On a balmy Saturday night on the tiny island of Menorca off the coast of Spain, visiting art-worlders mixed with residents to raise a ointment-a local favorite gin and lemon elixir – to Rashid Johnson. The 45-year-old Chicago-born, New York-based artist was there to open his latest solo show, “Rashid Johnson: Sodade,” with mega-gallery Hauser and Wirth.
The gathering, held immediately at the back of Art Basel, was the first full-scale event the gallery was able to hold at its Mediterranean island site, which opened last year during the pandemic. Some 600 guests flocked to Isla del Rei, the site of a disused 18th-century naval hospital, which Hauser and Wirth transformed into a 16,000-square-foot gallery, gift shop and restaurant.
The artist taking center stage has become something of a market star thanks to the popularity of his “anxious men” series, frenetically repetitive gesture paintings of abstract faces in various hues. The works struck a chord with buyers for their ability to simultaneously speak to the anxieties of our current moment and connect to historical movements in art such as Abstract Expressionism.
The exhibition, Johnson’s first solo show in Spain, takes its title from a Creole word derived from the Portuguese “saudade”, popularized in the 1950s by a song by Cape Verdean musician Cesária Évora. It’s a ballad about homesickness, which also contains a note of resilience – of hope in building something new in the face of loss, just as creole languages themselves evolved in defiance of language. of their oppressors.
By borrowing it, Johnson commits to a critical history and with stories around migration and travel, especially around the ocean, touching on everything from the transatlantic slave trade to the contemporary migration crisis.
The exhibition includes 14 new paintings and four sculptures, all made within the past two years. The bronze sculptures are the most revealing. Cast from clay, their hollowed-out shapes are reminiscent of rowing boats, but are actually – and perhaps conveniently, for collectors looking to revamp their summer gardens – functional hearths, referring to the vessels used as pyres in funeral rituals around the world.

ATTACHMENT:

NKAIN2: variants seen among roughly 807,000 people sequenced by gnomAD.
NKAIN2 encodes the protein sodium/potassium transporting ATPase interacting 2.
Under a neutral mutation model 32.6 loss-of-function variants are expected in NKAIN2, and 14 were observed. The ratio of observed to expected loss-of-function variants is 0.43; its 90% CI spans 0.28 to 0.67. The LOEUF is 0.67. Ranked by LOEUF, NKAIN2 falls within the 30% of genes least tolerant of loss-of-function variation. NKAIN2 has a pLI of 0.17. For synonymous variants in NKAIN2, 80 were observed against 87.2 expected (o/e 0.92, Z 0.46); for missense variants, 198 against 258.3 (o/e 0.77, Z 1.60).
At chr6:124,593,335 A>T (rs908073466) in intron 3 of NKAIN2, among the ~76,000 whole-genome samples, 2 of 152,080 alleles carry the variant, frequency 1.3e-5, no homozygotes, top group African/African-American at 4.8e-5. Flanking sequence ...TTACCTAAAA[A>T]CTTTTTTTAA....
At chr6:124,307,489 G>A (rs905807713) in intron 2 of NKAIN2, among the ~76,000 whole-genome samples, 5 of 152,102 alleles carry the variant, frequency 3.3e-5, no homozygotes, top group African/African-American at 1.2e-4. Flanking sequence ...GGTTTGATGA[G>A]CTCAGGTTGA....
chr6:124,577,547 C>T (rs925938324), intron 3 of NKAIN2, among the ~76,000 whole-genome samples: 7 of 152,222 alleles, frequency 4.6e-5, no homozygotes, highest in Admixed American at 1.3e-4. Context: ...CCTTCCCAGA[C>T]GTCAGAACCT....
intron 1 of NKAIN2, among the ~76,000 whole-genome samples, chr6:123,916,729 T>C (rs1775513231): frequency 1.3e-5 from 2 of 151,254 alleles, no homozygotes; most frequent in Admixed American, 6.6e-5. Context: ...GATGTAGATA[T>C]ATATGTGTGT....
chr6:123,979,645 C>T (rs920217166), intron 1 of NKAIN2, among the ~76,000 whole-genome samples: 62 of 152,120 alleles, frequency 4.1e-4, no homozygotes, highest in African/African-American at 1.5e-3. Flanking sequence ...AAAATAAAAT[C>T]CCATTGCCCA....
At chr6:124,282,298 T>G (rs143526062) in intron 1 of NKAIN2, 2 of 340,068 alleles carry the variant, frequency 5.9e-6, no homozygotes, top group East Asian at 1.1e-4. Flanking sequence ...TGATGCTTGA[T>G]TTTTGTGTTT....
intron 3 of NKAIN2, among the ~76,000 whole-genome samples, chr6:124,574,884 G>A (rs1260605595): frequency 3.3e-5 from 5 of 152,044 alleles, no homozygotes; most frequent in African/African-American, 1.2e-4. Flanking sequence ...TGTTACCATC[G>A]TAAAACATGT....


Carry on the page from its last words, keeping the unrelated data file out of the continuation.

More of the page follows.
They were integrated with found objects that are important to the artist, from VHS tapes to books to a radio, which Johnson says was a reference to the citizens group’s radio. Her father used the short-range two-way communication device, but in the days of Black Lives Matter, the object also evokes the look of police radios, often used to harm and harass black communities.
The same ambiguity pervades the presence of oyster shells in the works, which Johnson says is a reference to Zora Neale Hurston’s essay. How does it feel to be colored, in which she wrote, “No, I’m not crying over the world, I’m too busy sharpening my oyster knife.” The artist said, somewhat cryptically, that he was drawn to the duality between the aggressive notion of sharpening a knife and the opulence of using it to eat oysters.
The symbolism of boat shapes is echoed in crescent-shaped “seascape” paintings, inspired by Johnson’s time living in the Hamptons of Long Island during the pandemic. For these, Johnson swapped his familiar materials such as shea butter and black soap for oil paint, which he wiped and scraped in thick coats of blue and white.
These are joined by new iterations of Johnson’s well-known ‘anxious men’ motifs, two-tone paintings done with white oil paint on raw canvas. The artist refers to these faded ghostly images as “abandonment” paintings, and they quickly become as coveted as previous variations on the theme (the gallery sold one at Art Basel this year for $975,000).
These works, which he says evoke acceptance and reconciliation, are a natural follow-up to the previous iteration of black and blue works begun in 2021, which Johnson calls his “blue” paintings, suggesting damage as well as the healing. A series of these are also visible in the exhibition, although the more violent red paintings created at the start of the pandemic are not present.
Overall, the exhibition is full of attractive, albeit widely expected, works from a commercial gallery. Along the way, we are constantly reminded that the space is keen to be seen more as a museum than a gallery, and one wonders why he hasn’t curated a mini-retrospective that would give a better sense of what Johnson’s challenging work is, rather than just marketing new pieces. One wonders what Johnson, who made a jovial appearance at her party, thinks of all this. But then again, he may be too busy sharpening his oyster knife.
“Rachid Johnson. sodais on view until November 13 in Hauser and Wirth, Menorca.
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